Bullhead Catfish Range and Habitat

Bullheads are common throughout Ohio. The largest populations are in the western part of the state. Each species of bullhead prefers different conditions and different parts of the river. Brown bullheads like the least vegetation and clearest water. Black bullheads prefer more turbid, cloudy water. Yellow bullheads prefer heavy vegetation cover.

How to Identify Bullhead Catfish

In general, bullhead catfish are small compared to others you may haul in. They typically range from 10 to 12 inches in length and between one and two pounds. The world record was a black bullhead just over eight pounds.

Each species is more or less described by its name. But be warned, their colorations can and do overlap. Black bullheads (A. melas) are typically brown-black, brown bullheads (A. nebulosus) are olive-brown, and yellow bullheads (A. Natalis) are yellow to olive. In most cases, they are somewhat mottled and have yellow or white bellies. Their tails are squared, like the flathead catfish, just without the flathead.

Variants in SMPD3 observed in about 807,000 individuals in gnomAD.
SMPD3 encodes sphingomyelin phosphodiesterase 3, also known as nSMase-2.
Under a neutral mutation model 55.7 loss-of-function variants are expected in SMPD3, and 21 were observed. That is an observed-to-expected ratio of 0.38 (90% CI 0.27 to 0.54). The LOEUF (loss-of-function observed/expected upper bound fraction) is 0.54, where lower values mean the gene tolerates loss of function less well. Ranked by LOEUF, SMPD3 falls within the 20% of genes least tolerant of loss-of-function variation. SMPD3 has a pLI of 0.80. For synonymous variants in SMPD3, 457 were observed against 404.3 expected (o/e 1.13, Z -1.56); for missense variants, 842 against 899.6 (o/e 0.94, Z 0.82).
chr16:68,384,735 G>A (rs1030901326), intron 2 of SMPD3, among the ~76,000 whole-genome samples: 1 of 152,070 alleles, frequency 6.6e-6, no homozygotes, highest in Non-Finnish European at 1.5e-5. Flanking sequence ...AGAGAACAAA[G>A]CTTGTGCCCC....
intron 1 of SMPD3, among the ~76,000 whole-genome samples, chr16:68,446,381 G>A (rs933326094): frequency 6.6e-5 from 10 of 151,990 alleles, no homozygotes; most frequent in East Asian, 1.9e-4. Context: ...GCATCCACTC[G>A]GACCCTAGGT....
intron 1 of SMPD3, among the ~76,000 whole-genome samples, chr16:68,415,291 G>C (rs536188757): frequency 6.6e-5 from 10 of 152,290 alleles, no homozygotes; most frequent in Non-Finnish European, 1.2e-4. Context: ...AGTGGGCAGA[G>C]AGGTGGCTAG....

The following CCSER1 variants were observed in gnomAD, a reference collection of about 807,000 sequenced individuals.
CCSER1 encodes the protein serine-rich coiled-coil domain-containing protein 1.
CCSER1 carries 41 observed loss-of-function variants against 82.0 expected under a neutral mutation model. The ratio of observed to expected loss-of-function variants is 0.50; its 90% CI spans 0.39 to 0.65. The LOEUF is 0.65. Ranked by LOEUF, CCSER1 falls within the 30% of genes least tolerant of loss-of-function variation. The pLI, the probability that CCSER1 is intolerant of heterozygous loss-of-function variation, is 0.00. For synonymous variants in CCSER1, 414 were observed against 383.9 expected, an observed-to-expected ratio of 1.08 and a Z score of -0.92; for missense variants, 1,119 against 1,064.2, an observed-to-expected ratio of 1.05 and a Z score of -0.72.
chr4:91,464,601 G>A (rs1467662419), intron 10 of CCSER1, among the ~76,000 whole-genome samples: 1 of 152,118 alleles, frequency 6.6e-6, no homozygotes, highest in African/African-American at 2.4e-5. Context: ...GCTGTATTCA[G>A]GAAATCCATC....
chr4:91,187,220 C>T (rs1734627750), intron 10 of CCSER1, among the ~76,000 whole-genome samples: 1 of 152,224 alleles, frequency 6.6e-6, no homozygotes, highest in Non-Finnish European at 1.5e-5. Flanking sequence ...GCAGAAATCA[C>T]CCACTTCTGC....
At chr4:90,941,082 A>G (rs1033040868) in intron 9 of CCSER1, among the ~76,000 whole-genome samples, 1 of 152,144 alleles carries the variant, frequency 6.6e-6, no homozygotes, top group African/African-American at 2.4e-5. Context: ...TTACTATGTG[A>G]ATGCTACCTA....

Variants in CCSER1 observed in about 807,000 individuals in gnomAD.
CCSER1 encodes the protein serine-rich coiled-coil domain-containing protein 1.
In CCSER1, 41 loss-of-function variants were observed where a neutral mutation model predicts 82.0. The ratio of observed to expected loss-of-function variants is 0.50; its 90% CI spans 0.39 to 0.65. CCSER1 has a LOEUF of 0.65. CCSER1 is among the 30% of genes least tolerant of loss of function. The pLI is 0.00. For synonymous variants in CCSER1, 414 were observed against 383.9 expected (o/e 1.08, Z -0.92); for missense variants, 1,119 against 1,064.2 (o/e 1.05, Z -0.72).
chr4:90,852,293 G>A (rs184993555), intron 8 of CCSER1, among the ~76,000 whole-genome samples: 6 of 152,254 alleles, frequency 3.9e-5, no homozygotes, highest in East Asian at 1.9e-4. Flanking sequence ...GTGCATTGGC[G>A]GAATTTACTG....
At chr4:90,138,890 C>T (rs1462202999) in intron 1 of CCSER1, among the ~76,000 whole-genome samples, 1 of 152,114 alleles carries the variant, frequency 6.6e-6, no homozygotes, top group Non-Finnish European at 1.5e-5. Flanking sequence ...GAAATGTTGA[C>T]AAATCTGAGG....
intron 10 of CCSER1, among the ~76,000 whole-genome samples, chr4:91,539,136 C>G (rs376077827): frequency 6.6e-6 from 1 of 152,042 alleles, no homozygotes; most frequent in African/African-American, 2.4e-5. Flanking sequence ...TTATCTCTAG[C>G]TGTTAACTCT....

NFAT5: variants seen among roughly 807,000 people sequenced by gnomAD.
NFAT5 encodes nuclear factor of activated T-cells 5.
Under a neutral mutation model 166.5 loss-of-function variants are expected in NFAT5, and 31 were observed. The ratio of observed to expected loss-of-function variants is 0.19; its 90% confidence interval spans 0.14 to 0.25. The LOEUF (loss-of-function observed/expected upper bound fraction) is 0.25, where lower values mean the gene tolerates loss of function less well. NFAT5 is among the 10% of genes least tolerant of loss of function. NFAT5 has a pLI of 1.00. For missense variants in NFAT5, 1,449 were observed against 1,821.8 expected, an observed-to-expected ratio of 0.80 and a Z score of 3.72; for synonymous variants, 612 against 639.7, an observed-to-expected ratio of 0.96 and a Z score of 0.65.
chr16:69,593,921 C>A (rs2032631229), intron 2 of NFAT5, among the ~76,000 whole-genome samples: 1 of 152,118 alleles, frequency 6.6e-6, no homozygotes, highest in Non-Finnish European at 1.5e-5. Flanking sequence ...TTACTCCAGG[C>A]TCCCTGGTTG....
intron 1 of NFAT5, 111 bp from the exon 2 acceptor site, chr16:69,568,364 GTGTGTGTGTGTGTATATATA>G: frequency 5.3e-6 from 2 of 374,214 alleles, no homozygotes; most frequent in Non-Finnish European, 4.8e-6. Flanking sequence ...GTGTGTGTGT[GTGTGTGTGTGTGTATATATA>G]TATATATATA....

Bullhead Catfish Behavior

Highly developed sense of taste and smell. Feed on insect larvae, crayfish, mollusks, dead fish, just about anything they can fit in their mouths. Feed by taste. Activity peaks at night. Construct nests 1-15’ deep, preferring silt-free sandy or gravelly bottoms. Black bullheads will tolerate more turbid water. Brown bullheads are found in water with little vegetation and clear water. Yellow bullheads prefer heavy vegetation.

Bullhead Catfish Ecology